UO economics professor files complaint against UO general counsel and lawyers
Last week, University of Oregon economics professor Bill Harbaugh filed a complaint with the Oregon State Bar, alleging Eugene lawyers Bill Gary and Sharon Rudnick misled a judge. Gary and Rudnick are partners at the Harrang Long Gary Rudnick law firm, which has been representing the UO administration in recent union negotiations.
The bar complaint (PDF) also alleges UO General Counsel Randy Geller of participating in the deceit by “use(ing) his public office” to withhold — and circumvent attempts to claim — public records regarding the event.
The accusations pertain to a circumstance in which Harbaugh believes the law firm was rewarded recompense in legal fees they were unable to accrue after suing the office of the attorney general for the mishandling of public records during a contract investigation that involved the son of Stan Long, who is one of HLGR’s founders.
After reviewing the case, a county judge mandated a $500,000 reimbursement to be paid to Long for fees he incurred while prosecuting his public records lawsuit. The judge added an extra 10 percent to the reimbursement for the positive impact the case made toward the handling of public records, making the total reimbursement $550,000.
According to Harbaugh, the issue lies in the numbers. Dave Frohnmayer — former UO president and current law professor working for HLGR — was compensated for his work at $550 an hour. Based on UO records, his legal fees in UO-related work range from $260-$270 per hour. According to HLGR, Frohnmayer’s standard legal fee for non-government clients is $550. However, HLGR offers a “significantly discounted” hourly rate for the university.
Harbaugh claims the increased rate described to the judge led to an exorbitantly high pay-out for missed opportunities.
In an email to Willamette Week, Portland’s alt-weekly paper, Gary claimed the fee difference instead stems from a discount agreement between HLGR and the UO — not an attempt to circumvent the Department of Justice.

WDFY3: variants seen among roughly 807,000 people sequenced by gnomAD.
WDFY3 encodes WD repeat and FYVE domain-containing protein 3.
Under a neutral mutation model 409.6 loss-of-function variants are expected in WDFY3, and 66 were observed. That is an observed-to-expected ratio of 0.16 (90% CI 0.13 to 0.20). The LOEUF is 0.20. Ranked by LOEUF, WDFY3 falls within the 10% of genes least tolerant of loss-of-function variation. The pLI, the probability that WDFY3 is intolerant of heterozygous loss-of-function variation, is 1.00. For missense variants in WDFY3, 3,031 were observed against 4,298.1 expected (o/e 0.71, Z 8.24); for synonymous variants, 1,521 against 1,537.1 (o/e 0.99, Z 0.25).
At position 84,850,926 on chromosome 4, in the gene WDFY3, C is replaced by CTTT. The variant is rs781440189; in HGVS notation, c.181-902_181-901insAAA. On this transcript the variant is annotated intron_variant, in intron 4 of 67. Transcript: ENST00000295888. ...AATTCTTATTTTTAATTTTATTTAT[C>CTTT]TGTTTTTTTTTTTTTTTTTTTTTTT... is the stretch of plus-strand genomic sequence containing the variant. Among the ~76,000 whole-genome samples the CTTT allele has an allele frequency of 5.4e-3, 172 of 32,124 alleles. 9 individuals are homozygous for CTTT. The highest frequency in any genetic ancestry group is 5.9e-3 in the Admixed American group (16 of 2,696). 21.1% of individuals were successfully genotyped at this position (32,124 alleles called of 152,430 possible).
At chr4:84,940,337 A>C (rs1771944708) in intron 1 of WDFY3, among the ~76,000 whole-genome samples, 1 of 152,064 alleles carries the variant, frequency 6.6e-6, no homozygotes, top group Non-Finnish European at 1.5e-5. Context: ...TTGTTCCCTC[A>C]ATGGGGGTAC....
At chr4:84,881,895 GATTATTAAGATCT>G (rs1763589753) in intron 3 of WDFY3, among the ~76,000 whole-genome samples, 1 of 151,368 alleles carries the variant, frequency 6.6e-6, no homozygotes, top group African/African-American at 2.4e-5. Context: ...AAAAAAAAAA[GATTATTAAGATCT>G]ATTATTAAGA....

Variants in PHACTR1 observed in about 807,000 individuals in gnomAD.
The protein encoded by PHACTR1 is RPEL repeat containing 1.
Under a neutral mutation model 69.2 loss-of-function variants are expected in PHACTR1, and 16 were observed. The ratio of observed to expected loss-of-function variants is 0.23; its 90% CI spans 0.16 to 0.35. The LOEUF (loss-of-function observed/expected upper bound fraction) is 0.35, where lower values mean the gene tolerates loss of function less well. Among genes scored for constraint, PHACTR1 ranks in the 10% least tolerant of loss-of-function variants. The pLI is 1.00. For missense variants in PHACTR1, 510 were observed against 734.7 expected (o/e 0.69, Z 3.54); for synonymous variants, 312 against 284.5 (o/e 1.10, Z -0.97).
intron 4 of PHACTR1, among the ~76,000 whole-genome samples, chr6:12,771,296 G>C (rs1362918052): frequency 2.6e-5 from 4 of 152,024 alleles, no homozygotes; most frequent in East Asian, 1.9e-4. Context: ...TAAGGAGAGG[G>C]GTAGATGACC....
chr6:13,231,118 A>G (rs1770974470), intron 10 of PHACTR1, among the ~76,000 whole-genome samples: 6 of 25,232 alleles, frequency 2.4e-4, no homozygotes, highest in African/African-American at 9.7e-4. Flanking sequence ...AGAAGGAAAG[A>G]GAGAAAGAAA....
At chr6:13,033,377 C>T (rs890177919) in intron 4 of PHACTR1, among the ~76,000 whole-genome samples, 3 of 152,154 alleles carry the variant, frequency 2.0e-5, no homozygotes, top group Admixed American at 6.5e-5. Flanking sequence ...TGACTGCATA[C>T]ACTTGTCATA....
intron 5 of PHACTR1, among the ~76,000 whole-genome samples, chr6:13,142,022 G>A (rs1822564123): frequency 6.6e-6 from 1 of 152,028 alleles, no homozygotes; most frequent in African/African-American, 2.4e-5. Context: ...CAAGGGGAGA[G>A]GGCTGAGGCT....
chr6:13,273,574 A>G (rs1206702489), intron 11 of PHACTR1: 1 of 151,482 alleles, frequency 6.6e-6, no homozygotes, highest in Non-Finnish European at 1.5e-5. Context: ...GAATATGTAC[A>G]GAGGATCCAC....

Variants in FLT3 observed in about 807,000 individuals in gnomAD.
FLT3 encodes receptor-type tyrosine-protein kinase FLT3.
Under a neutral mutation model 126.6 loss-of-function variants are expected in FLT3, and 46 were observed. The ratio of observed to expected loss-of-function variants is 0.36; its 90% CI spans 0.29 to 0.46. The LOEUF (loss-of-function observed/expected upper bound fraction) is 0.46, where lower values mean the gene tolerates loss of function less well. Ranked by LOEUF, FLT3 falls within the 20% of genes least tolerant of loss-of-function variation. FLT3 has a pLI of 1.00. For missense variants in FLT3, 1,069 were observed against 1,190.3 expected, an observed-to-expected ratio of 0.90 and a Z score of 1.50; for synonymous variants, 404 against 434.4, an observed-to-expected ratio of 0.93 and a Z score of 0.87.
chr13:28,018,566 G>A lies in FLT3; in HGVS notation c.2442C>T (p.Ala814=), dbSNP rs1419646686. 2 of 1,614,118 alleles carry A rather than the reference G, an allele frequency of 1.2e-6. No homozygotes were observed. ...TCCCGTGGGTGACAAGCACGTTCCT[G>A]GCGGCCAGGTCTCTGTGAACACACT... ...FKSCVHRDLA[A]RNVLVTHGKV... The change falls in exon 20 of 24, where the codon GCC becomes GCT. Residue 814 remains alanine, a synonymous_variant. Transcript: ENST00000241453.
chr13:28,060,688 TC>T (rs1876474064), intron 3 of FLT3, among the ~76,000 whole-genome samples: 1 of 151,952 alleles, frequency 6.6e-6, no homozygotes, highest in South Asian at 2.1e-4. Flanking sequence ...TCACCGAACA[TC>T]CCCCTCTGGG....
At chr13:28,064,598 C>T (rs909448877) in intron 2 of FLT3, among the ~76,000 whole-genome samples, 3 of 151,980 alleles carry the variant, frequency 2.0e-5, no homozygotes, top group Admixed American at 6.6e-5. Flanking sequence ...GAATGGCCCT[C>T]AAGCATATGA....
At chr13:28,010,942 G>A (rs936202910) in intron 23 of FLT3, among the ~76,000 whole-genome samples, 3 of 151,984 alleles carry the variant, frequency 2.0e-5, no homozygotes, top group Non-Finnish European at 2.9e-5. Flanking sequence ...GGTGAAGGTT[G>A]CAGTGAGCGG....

“The Firm sometimes considers alternative fee arrangements based upon the nature or volume of work involved,” he wrote. “The Firm has agreed to perform work for the University at discounted rates. We are not aware of anyone other than Dr. Harbaugh who has expressed concern about our willingness to provide a discount to the University.”
Where the UO General Counsel is concerned, Harbaugh claims the affidavit Geller presented in support of HLGR’s claim for legal fees was inaccurate and a conflict of interest.
In the affidavit, Geller argues for the compensation of HLGR due to the opportunity they lost when he was unable to hire them to represent the UO in legal matters because of their participation in the original investigation.
The affidavit was signed in July of 2012. HLGR had been participating in UO union negotiations for the UO since February 2013.
Geller justified his statements in an email to Willamette Week, claiming that although HLGR was contracted to work on union matters in February — an issue that does not require state approval for choice of legal firm — he was unable to hire them to work on other state-regulated issues further along in the year because of the investigation case.
Harbaugh filed the complaint in an attempt to generate a critical review of the general counsel’s affairs.
“UO’s General Counsel and the HLGR attorneys worked together to try and get $860,000 for HLGR, from state taxpayers,” he said. “I thought that it was wrong for Randy Geller to go along with Bill Gary’s attempt to get that money, by not telling the judge about the substantial legal work he’d given HLGR on the faculty union. That seems pretty far below ‘the truth, the whole truth, and nothing but the truth’…I wanted the bar to decide if these actions were ethical.”
Willamette Week reports that the the Bar is considering the complaint.
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